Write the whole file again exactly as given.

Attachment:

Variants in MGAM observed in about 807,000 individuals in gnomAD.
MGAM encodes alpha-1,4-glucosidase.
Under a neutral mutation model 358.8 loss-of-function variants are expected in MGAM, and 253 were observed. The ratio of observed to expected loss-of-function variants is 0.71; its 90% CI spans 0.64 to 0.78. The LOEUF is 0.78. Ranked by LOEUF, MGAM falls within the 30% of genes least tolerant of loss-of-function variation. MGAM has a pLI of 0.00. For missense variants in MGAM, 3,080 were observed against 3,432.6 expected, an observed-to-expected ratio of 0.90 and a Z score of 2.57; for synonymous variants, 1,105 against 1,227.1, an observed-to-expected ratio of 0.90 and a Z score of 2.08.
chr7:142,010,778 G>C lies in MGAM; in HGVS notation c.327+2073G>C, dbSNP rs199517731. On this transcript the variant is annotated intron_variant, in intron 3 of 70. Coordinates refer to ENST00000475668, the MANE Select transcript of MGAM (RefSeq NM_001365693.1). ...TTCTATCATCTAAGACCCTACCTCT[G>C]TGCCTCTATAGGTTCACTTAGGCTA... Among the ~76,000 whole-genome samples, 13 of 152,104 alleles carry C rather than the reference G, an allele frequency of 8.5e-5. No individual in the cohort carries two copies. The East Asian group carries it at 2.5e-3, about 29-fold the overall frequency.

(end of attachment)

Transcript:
Variants in MGAM observed in about 807,000 individuals in gnomAD.
MGAM encodes alpha-1,4-glucosidase.
Under a neutral mutation model 358.8 loss-of-function variants are expected in MGAM, and 253 were observed. The ratio of observed to expected loss-of-function variants is 0.71; its 90% CI spans 0.64 to 0.78. The LOEUF is 0.78. Ranked by LOEUF, MGAM falls within the 30% of genes least tolerant of loss-of-function variation. MGAM has a pLI of 0.00. For missense variants in MGAM, 3,080 were observed against 3,432.6 expected, an observed-to-expected ratio of 0.90 and a Z score of 2.57; for synonymous variants, 1,105 against 1,227.1, an observed-to-expected ratio of 0.90 and a Z score of 2.08.
chr7:142,010,778 G>C lies in MGAM; in HGVS notation c.327+2073G>C, dbSNP rs199517731. On this transcript the variant is annotated intron_variant, in intron 3 of 70. Coordinates refer to ENST00000475668, the MANE Select transcript of MGAM (RefSeq NM_001365693.1). ...TTCTATCATCTAAGACCCTACCTCT[G>C]TGCCTCTATAGGTTCACTTAGGCTA... Among the ~76,000 whole-genome samples, 13 of 152,104 alleles carry C rather than the reference G, an allele frequency of 8.5e-5. No individual in the cohort carries two copies. The East Asian group carries it at 2.5e-3, about 29-fold the overall frequency.